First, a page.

Saturday, February 10, 2007
A number of years ago, I was invaded with the accusation of being "sanctimonious" for discourging my family from watching a certain movie I felt was inappropriate at the time. I later learned that being called that word was a good thing, despite the negative intent of the name caller, as well as current usage. In fact, being sanctimonious is acting as though one has been sanctified; set apart; made holy through Christ. Of course our behaviors should be different from those who are neither sanctified nor sanctimonious. Those who are not sanctified tend to have a natural dislike of those who are. They like to ridicule.
Another word, "prude" comes to mind. Although I haven't been called a prude lately, I suspect some people think I am. But I was reminded by Laura Ingraham, speaking on her radio program, that the origin of "prude" is from "prudent" - a positive word suggesting thoughtfulness and care. I suppose since it is no longer fashionable (in the eyes of many) to be prudent, the natural thing to do is to ridicule those who are with a negative connotation via the word "prude."
I guess it boils down to this: If a person is and acts sanctified and you are not, ridicule him with the word "sanctimonious." If a person is more prudent than you believe is appropriate, ridicule him with the word "prude." The person who is called these things can take these words as a complement. As the Scriptures say, "But as for you, ye thought evil against me; but God meant it unto good, to bring to pass, as it is this day, to save much people alive."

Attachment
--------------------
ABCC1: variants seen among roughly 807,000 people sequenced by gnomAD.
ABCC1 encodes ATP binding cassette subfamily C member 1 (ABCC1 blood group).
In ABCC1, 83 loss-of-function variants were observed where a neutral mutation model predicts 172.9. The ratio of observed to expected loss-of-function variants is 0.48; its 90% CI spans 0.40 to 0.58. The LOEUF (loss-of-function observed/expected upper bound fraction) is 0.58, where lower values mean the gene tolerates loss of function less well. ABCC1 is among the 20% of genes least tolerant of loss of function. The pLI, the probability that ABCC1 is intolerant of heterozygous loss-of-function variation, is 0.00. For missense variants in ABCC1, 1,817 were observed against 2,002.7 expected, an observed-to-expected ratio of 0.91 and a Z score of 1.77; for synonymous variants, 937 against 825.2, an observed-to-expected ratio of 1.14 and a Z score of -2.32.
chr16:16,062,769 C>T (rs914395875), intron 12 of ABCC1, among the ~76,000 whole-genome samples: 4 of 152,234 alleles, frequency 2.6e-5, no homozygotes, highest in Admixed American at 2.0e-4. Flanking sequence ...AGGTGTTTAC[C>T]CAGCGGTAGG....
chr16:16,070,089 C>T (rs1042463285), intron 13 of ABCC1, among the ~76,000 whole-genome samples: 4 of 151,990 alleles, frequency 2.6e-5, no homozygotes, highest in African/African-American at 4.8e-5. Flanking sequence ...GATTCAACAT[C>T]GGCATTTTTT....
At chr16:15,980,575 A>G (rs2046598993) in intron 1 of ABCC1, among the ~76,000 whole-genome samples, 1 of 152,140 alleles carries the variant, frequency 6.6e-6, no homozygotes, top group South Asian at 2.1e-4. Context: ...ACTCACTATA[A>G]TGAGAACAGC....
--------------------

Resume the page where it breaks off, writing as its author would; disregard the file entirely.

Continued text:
So, to all you sanctimonious prudes out there - keep it up! We need more people like you.
Thursday, February 01, 2007
Clever, but stupid. And what do you want to bet that these hacks will try to spin the circumstances to make the Boston officials sound like they over-reacted to their ill-conceived publicity stunt?
The truth is, these stupid guys fail to understand or care about the reality of the serious aspects of life. They clearly suffer from a lack of adult supervision, both from their parents and from CNN hierarchy. Apparently, the hierarchy at CNN also require more adult supervision, but I digress. Many "adult children" today have this same innate la la land mentality in common - an emotional IQ in the negatives.
This points to the larger issue involving the disconnectedness of generations in our culture. Parents are often too busy with sports, dancing, Hollywood gossip, divorce, watching TV, making money, and being otherwise too self-absorbed to maintain effective communication and respect to influence the next generation in a positive manner. Fortunately, despite parental lapes, some kids surprise their parents on the side of responsible and mature behavior.
In this case, though, what kind of parental upbringing, if they had any, do these apes reflect? Or are they degenerates inspite of parental influence?